After manipulating the KUSD price oracle, Attacker Contract #1 redeemed the previously minted tXAU tokens in this attack step. Figure 13 pictures the step-by-step redemption process as follows.

  1. Attacker Contract #1 transferred the previously minted 606.195630970930049706 tXAU to another contract Attacker Contract #2.

  2. Attacker Contract #2 invoked the redeemFractionalSynth function of the SyntheticPool contract to redeem the previously received tXAU tokens. Remarkably, the attacker used the Attacker Contract #2 to perform this redemption step to bypass the flash loan prevention mechanism of the redeemFractionalSynth function. We will explain the bypass again later.

  3. SyntheticPool contract contacted the StablePoolOracle contract to read the collateral (KUSD) price from the manipulated TWAP.

  4. StablePoolOracle contract returned the collateral price, $0.145904042239672548, to the SyntheticPool contract.

  5. SyntheticPool contract used the obtained collateral price to calculate TWX and KUSD tokens to retrieve after the redemption. Consequently, SyntheticPool contract minted 6,830,114.251646252786696562 TWX for Attacker Contract #2. Next, SyntheticPool contract unlocked and transferred 910,584.086600497979460971 KUSD from the CollateralReserve contract to Attacker Contract #2.

  6. Attacker Contract #2 transferred the obtained 6,830,114.251646252786696562 TWX and 910,584.086600497979460971 KUSD to Attacker Contract #1.


Figure 14. The redeemFractionalSynth function of the SyntheticPool contract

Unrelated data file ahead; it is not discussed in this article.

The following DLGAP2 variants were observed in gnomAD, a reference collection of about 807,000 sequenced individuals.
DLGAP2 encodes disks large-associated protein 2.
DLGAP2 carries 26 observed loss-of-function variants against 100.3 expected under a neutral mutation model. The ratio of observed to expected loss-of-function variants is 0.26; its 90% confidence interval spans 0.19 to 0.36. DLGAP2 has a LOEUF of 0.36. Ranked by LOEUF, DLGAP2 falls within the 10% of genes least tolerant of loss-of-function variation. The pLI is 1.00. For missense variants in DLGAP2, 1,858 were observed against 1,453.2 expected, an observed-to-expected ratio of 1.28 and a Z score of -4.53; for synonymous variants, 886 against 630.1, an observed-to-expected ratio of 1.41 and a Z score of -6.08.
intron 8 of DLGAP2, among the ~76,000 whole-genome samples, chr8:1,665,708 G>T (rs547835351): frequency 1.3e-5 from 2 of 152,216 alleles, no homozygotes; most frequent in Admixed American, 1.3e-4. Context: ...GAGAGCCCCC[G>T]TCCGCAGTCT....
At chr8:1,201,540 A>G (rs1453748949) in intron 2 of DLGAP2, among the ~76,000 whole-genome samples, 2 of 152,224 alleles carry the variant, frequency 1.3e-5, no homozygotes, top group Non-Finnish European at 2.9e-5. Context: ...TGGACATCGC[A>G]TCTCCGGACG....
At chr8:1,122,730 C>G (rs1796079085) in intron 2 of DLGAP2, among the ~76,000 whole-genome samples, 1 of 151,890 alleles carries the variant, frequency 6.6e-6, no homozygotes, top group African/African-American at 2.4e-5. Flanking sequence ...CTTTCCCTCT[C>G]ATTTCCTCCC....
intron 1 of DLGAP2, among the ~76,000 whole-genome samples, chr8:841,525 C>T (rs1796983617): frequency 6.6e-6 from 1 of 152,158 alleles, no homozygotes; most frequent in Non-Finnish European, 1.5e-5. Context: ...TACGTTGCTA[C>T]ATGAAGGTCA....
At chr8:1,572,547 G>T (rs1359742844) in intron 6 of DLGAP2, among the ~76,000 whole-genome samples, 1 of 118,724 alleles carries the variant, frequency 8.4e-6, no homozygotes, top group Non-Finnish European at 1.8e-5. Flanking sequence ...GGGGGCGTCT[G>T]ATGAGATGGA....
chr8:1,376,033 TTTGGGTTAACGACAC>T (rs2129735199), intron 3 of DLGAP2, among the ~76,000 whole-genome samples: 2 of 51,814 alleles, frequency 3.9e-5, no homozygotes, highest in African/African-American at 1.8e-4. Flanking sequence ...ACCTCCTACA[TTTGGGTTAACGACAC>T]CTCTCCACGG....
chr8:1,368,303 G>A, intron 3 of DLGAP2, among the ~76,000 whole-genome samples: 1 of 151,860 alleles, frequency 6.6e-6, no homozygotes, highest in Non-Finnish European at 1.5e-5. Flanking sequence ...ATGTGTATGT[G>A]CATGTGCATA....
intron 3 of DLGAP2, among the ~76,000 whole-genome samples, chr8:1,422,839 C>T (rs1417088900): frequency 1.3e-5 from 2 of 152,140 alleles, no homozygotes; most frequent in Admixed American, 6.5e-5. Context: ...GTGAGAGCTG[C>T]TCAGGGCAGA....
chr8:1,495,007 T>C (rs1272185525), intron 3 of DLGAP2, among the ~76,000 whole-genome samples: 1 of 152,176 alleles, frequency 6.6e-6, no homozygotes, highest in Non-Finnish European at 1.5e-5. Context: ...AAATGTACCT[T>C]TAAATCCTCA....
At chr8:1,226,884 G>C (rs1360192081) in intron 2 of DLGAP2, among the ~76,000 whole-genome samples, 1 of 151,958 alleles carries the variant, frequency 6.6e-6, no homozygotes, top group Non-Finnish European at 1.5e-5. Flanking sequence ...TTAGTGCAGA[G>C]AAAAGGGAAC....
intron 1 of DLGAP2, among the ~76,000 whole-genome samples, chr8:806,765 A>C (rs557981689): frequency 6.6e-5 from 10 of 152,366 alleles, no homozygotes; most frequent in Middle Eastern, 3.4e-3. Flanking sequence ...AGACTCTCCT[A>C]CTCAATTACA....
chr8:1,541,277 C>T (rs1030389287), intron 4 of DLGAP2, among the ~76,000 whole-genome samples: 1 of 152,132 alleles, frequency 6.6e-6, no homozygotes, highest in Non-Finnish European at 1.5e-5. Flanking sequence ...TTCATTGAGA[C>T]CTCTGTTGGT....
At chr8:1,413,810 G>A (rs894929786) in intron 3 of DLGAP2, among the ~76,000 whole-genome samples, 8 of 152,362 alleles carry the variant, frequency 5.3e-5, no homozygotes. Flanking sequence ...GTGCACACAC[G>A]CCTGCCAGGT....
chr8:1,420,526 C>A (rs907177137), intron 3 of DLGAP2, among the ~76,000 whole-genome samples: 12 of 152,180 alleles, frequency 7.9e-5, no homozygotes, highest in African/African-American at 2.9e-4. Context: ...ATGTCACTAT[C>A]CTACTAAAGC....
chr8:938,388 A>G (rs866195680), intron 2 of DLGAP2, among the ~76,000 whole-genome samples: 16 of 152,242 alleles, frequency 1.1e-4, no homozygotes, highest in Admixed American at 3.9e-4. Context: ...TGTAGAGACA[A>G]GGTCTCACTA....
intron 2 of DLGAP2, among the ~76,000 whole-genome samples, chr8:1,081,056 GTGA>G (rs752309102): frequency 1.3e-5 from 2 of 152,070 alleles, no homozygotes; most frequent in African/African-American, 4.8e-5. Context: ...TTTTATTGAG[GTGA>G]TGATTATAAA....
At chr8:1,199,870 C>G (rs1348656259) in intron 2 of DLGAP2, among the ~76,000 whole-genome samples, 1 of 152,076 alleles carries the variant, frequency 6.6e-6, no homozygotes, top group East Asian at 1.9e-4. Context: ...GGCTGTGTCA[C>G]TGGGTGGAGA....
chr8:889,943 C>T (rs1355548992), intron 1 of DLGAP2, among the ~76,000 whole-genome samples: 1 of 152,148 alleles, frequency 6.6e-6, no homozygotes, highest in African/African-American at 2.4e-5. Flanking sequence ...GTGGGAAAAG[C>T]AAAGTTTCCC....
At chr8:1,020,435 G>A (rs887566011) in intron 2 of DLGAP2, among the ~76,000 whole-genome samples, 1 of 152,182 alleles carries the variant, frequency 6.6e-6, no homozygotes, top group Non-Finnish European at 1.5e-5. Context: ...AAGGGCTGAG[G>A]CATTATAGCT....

Figure 14. The redeemFractionalSynth function of the SyntheticPool contract


The redeemFractionalSynth function of the SyntheticPool contract is shown in Figure 14. As mentioned earlier, this function was invoked by Attacker Contract #2 to bypass the flash loan prevention check in line no. 315.

Since Attacker Contract #1 had executed the mintFractionalSynth function in the attack step 2 previously, Attacker Contract #1 could not execute the redeemFractionalSynth function in the same block. Thus, the attacker used Attacker Contract #2 to redeem the minted tXAU tokens instead.

The following gathers the highlighted states at the redemption time.

  • TWX price: $0.135709613434781496 (unchanged)

  • KUSD price: $0.145904042239672548 (changed from $0.996647861433978465)

  • tXAU price: $1,760.555 (unchanged)

  • Collateral ratio: 12.536% (changed from 85.75%)


The redeemFractionalSynth function did some calculations (line no’s. 329–345). And, the following highlights some computation results.

  • tXAU amount to burn: 606.195630970930049706 tXAU